Persimmon Graftin

When would be the best time to do some whip and tongue grafting of persimmons in zone 6?


I haven’t done it (yet), but my understanding is to wait until the rootstock is fully leafed out. You’ll need to be on top of removing sprouts below the graft, too.

Right, I would wait for around 1" of leaf growth. You also don’t want it to be too hot or too cold, so look at the 7-day forecast before grafting. Too hot is 90’s highs, too cold is 50’s highs.


I have had good success bench grafting persimmons in April in zone 5. I stored the bench grafts in the basement until I was ready to plant out. Temperature in the basement was 40-50 f.

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I’d like to know a little more about bench grafting, any good links or videos or anything? Thanks. And thanks for the advice.

Yes, I think it was Joe Real who said to graft when one whole leaf is leafed out. That works for me.
John S

PS I saw murky today and reminded him about this site.

This is one subject that has always seemed cloudy to me. I assume bench grafting is attaching a piece of scion wood to a rootstock via whip and tongue grafting when both are dormant. Videos I’ve watched show commercial operations doin this without immediate planting.

I’m expecting some bud9 rootstock and I’m undecided if I’ll immediately graft and stick in pots or if I’ll plant the rootstocks first and wait for them to sprout before grafting

Speedster1, that’s the same cloudiness I have – is it just dormant whip and tongue grafting, and if so is there anything else that needs to happen prior to planting.

Bench grafting means when you have a small rootstock that is not growing in the ground. You can remove it from the sawdust or handle it in the pot. YOu can control the environment and the angle of the plant better. It’s usually what happens in nurseries for production.

It is opposed to grafting onto a plant that is in the ground outside, in which you have to climb on the ground, topworking, get stabbed in the face by a thorn bush, get rained on and generally are not in control of access to or getting the angle you want on the plant.

Bench grafting is generally considered easier , but you have to remember to water it.
John S

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Tell us about the options we have after bench grafting? how soon should they be planted? Potted vs ground? If potted what type of potting medium is used?

Bench grafting in a greenhouse also provides humidity that vastly improves takes on difficult to graft trees like paw paws.

I bench graft persimmons in my house using dormant rootstocks and dormant scion wood. I pack the trees in sawdust and store in the basement until I’m not worried about hard frosts. Originally, I was waiting to graft persimmons until they began to leaf out, but that became impractical for me when I starting grafting hundreds of them. It’s very awkward to use a whip and tongue graft on a tree that is planted, it’s also a very busy time of year when they are leafing out.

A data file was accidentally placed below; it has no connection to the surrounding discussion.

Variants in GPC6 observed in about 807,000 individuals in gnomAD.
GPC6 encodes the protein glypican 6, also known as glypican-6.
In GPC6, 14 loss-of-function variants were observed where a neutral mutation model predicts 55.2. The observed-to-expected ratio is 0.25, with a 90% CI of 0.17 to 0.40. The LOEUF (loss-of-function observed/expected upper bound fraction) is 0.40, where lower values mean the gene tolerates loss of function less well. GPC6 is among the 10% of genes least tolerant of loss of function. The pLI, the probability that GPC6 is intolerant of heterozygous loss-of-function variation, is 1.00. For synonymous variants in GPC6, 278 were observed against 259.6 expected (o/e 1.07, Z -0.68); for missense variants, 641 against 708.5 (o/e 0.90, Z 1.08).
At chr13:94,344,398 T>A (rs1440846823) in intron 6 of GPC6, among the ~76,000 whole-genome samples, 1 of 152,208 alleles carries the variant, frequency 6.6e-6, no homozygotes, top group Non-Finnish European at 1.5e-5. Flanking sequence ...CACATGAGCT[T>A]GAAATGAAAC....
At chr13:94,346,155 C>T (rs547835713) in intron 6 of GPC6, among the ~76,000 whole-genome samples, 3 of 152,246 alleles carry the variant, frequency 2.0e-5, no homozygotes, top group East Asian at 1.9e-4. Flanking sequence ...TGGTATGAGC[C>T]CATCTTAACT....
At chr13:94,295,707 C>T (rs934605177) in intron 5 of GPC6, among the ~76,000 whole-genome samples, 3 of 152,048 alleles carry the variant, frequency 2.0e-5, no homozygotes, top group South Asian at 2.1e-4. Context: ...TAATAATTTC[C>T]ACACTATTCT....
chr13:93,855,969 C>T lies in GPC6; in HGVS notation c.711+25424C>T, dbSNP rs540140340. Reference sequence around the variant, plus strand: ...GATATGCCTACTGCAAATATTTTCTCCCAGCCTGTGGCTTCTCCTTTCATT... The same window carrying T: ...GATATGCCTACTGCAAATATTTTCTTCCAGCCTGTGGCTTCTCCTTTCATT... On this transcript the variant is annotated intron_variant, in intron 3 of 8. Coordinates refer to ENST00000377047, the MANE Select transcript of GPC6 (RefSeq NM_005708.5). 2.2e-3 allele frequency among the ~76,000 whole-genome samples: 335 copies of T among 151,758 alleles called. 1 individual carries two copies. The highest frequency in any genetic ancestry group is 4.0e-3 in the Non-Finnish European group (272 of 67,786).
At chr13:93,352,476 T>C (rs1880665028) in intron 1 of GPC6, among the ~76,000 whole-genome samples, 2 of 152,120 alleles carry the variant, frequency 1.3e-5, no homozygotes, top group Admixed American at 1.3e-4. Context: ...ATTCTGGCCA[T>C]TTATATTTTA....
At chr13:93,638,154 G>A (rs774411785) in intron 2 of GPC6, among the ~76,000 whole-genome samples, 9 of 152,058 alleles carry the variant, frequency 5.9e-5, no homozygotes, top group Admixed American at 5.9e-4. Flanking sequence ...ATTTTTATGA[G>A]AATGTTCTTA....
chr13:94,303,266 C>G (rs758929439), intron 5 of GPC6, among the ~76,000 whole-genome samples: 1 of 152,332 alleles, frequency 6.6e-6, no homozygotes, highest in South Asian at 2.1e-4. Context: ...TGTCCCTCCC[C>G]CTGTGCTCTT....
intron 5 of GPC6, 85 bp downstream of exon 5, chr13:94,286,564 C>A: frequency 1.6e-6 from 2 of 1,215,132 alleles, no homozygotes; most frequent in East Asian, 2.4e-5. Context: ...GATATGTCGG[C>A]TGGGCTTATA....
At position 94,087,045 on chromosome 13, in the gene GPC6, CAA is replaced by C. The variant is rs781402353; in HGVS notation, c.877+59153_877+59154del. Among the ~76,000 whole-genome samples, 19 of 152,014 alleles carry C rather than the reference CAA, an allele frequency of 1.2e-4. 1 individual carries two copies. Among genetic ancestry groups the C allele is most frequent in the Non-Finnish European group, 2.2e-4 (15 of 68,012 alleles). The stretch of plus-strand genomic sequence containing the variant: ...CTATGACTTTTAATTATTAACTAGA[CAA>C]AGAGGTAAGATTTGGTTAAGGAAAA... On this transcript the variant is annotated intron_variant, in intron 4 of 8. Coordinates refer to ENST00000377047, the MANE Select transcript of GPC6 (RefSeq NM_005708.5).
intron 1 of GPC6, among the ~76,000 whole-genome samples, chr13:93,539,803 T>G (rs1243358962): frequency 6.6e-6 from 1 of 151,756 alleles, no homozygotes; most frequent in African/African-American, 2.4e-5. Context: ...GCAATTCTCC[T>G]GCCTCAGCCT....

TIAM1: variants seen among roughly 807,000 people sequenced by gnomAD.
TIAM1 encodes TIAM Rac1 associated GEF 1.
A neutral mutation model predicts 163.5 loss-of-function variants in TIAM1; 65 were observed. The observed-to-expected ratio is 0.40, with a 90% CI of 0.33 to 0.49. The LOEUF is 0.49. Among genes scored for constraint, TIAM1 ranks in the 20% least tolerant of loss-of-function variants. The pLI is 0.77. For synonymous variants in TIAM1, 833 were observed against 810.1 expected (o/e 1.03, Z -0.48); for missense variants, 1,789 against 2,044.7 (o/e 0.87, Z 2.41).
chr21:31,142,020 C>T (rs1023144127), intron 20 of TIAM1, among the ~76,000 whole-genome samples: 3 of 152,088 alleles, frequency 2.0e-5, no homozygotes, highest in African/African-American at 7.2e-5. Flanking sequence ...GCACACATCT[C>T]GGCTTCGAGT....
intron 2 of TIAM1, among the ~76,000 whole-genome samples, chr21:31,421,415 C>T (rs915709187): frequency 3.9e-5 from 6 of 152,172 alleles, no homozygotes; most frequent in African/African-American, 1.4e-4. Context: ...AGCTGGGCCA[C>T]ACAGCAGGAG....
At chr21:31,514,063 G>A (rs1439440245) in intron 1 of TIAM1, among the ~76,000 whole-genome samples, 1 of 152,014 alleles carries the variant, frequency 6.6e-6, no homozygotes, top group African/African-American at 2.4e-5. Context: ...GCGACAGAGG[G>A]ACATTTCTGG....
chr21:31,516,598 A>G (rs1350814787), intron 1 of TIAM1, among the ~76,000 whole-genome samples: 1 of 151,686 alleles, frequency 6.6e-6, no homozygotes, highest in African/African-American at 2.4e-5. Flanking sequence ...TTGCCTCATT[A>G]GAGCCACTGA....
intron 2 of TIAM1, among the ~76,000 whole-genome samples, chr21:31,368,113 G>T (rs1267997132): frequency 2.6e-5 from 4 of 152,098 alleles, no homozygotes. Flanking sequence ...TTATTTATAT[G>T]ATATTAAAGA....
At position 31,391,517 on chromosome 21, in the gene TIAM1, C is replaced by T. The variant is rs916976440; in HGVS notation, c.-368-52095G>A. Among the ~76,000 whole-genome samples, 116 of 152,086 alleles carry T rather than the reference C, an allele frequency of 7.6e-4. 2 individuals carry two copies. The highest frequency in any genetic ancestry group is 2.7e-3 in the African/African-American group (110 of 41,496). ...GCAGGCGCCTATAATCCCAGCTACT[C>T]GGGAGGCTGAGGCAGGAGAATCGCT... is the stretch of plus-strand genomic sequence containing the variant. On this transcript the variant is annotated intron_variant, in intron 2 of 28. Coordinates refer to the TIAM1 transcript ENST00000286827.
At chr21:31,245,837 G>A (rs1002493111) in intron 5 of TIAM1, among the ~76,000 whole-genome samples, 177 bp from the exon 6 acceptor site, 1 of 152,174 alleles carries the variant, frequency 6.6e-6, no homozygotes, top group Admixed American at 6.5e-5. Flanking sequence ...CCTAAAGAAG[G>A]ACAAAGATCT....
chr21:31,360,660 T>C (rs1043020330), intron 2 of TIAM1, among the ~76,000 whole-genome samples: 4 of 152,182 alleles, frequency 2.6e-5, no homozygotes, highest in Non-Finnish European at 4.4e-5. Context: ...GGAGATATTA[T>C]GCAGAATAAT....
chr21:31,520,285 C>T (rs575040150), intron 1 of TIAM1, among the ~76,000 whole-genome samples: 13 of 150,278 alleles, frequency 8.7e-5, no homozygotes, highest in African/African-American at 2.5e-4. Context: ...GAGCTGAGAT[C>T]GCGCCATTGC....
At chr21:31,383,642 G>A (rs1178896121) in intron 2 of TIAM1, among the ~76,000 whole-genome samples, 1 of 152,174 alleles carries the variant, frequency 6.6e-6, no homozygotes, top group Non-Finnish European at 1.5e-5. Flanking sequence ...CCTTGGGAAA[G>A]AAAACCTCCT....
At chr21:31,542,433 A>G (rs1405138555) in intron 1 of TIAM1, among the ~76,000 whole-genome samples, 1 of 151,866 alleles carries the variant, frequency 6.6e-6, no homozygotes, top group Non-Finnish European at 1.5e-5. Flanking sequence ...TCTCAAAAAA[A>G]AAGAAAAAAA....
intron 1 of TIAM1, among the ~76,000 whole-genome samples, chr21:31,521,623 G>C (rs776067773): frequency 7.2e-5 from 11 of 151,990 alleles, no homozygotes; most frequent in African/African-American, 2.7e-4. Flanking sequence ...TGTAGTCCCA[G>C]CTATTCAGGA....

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Chestnut, what’s your success rate with this approach? I’m going to give it a try in the coming weeks.

Last year was the first year I did it. I had about 65 out of 100 take.



How’s your persimmon grafting been? It looks like two of my three grafts take. I am waiting to see if Prok would take. It’s in a shadier branch than the Kam Tam and 118 (?).

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I’ve only done one persimmon graft so far this year – well, plus four approach grafts with persimmons. I don’t know if any of those have taken or failed so far. Maybe I’ll have something to report this weekend.

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My second round of persimmon grafts worked. It was too cold in the first one even though I had plenty of growth and slipping bark. They are still taking time to get fully going, but as long as I keep rubbing off the growth they should be OK.

Unfortunately my Rojo Brilliante from last year got munched by deer heavily, and never got going this spring because of that. Grafts can take one munch by deer but when they get several in a row they often don’t make it.

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I’m still holding out hope for that first one I did a few weeks back. It looks okay, just sort of stuck in limbo at the moment, which is something I’ve seen with successful persimmon grafts in the past. But who knows. Kind of a strange grafting year all-in-all. There was plenty of good apple grafting weather, but persimmon and peach weather has been harder to come by.

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Kam Tam in front and WS 180 in the back. Prok is fairly behind, not shown in the photo.


Congratulations. It looks like it is really starting to grow.

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